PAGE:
Add to this, the devastating consequences of drug laws that delivered far harsher and unsympathetic treatment to Black men who became tragically ensnared in the criminal justice system; the sense of nihilism has been catapulted to new heights. The hopes of getting a decent job and supporting a family are significantly diminished. If the breakdown of the family causes poverty in our community, then poverty also results in family breakdown.
The economic strength of the African American community will soon reach $1.5 trillion. To quantify this number and put it into some context, this number is equivalent to the gross domestic product of Russia and South Korea. If we were a nation, we would be the 12th richest country on the planet. Although macro-economists will quickly tell you that GDP and buying power are not the same, since we are not a country exclusive of the U.S., I believe that it provides, at least, some context.
Our collective economic strength makes us a prime market for advertisers, marketers and those who desire to influence our buying behaviors. Yet, the larger question is not how much we can buy but whether we can control and direct the spending? If we have jurisdiction to strategically determine where our money goes, should we do more to direct that flow into our communities nationally?
According to a recent Nielsen study, Black households with earnings of $75,000 or more is the fastest growing segment of the black population. There are now between 2.5 to 3 million Black-owned businesses around the country.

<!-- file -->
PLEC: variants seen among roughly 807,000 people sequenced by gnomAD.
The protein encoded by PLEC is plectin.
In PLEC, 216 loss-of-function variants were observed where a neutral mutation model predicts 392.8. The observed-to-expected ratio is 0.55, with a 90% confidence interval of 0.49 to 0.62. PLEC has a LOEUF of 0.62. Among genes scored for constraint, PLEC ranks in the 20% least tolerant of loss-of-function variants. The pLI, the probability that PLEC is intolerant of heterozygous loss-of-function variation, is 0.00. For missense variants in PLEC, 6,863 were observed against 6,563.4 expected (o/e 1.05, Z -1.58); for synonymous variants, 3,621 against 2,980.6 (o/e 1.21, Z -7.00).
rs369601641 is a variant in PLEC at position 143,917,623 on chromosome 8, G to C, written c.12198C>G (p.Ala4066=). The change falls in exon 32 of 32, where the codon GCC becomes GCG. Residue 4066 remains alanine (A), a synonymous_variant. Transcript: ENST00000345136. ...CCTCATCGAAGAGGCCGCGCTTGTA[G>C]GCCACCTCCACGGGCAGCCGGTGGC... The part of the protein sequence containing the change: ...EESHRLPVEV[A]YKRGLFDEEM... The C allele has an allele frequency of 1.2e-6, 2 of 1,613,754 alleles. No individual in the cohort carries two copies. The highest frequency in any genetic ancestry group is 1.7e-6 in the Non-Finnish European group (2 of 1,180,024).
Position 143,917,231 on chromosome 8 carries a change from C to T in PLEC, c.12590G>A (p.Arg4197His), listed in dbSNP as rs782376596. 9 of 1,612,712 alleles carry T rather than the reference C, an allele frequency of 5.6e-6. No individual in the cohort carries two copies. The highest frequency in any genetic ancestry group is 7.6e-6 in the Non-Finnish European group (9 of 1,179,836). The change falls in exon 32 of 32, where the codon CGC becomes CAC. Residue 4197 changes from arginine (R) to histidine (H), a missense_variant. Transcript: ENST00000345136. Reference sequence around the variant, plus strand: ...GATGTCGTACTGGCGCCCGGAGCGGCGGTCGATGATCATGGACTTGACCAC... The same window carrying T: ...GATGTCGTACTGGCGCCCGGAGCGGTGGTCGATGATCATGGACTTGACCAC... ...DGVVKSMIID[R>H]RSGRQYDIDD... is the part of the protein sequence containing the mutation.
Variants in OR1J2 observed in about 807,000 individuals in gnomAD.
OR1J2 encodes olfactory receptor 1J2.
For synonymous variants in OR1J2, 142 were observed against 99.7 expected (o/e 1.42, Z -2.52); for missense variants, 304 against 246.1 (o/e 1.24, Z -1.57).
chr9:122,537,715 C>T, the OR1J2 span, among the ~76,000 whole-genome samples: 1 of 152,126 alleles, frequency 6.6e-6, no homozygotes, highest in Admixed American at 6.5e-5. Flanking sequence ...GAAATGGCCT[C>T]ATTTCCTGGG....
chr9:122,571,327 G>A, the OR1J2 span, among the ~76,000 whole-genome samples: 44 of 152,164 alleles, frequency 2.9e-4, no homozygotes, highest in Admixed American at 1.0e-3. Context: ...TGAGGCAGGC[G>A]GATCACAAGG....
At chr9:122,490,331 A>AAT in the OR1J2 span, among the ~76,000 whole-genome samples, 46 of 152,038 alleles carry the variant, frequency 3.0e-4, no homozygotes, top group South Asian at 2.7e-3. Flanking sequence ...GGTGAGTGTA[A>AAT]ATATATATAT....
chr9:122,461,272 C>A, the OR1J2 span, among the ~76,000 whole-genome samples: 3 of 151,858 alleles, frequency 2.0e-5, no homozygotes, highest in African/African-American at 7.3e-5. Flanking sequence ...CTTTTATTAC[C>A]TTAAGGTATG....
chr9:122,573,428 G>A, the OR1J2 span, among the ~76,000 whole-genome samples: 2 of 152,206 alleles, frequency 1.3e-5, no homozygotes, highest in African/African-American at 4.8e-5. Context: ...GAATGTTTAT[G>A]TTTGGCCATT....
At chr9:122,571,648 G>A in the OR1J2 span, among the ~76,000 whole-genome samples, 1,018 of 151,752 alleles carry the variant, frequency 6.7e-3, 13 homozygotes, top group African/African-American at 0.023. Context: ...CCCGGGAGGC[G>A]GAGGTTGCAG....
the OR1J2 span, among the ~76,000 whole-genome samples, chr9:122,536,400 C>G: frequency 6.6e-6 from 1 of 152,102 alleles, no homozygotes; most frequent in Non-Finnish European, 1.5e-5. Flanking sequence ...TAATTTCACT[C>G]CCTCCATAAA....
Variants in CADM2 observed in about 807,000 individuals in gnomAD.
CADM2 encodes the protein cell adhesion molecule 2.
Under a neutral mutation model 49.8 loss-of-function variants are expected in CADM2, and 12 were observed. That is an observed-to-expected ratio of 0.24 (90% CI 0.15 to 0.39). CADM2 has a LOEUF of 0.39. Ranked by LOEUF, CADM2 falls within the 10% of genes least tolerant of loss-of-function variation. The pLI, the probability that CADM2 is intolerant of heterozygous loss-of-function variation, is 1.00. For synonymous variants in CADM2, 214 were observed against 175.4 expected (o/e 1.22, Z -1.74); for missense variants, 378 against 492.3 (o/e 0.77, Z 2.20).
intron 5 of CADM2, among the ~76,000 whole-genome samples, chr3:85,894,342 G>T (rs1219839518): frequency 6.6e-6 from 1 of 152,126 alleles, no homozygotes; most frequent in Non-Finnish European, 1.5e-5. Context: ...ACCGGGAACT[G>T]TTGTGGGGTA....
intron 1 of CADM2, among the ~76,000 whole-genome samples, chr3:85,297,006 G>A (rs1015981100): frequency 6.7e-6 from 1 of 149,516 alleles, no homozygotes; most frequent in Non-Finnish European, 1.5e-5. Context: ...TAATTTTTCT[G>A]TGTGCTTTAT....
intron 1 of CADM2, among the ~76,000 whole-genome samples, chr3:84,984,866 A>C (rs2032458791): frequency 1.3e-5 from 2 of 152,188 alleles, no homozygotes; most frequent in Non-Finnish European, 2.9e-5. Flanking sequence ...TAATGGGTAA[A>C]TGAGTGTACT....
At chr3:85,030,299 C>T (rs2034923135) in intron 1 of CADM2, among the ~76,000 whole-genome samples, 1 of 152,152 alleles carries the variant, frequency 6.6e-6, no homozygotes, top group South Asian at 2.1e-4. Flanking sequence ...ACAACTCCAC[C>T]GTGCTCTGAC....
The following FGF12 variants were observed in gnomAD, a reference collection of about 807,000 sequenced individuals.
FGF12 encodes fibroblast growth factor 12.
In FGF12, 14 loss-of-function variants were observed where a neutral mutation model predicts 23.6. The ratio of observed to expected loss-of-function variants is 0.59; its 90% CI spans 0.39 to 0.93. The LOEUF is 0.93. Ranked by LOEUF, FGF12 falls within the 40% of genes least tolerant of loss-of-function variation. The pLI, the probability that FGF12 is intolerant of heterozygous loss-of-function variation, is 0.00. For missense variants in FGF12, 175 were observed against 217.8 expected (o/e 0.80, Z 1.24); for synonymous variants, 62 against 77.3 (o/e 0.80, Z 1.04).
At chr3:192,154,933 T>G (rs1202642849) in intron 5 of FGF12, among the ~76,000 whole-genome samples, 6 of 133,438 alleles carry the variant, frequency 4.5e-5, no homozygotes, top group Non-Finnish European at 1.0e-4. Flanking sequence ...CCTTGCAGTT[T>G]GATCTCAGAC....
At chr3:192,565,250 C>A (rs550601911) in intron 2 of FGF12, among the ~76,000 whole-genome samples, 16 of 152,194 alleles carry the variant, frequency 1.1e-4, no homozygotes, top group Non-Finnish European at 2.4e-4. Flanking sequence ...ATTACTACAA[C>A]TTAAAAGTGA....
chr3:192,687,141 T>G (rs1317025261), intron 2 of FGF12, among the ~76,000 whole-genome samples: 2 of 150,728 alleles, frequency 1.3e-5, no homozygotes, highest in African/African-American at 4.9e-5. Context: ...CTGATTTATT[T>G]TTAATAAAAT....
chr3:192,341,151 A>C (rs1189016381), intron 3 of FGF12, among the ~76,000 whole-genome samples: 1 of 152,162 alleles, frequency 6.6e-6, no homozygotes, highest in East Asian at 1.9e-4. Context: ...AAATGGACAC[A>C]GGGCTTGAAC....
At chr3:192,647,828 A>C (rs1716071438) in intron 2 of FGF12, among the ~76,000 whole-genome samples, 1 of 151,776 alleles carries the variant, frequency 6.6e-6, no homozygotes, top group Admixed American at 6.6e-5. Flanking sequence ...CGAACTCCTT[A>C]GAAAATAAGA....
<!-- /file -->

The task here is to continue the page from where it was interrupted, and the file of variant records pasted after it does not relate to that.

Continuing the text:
In just about every category, we have been growing—sadly not enough. Our median family income in 1968 (inflation adjusted) was approximately $22,000. It is around $40,000 today. Our unemployment rate, while down is still twice that of white Americans. That has not changed appreciably since the early 1970s.
Our overall poverty rate has decreased from around 40 percent in the 1960s to just fewer than 27 percent today. Our child poverty rate is down from 67 percent to about 40 percent—although still unacceptable. The wealth gap between African Americans and whites hovers around 5-to-1.
In her book, The New Jim Crow: Mass Incarceration in the Age of Colorblindness, civil rights attorney, Michelle Alexander, asserts that there are now more Blacks in jail today than were slaves in America in 1850. It is a stunning revelation of the continued exploitation of Black people for free labor in this nation. Yet, it is now been shrouded and sold to the American people as some outlandish form of law enforcement.
U.S. prisons, over the past 50 years, have become nothing more than a replacement of the convention of slavery. They are de facto profit centers that seek to build and sustain a lasting system of second-class citizens without the rights and freedom provided in the nation’s founding documents. It matters very little to our government when those convicted have paid their debt to society for they are forever cast in the eyes of the general public as dangerous, undesirable and malevolent. As a result, the right to vote or obtain meaningful employment is lost forever; contributing to the current decline in the conditions of the Black family. It is no accident.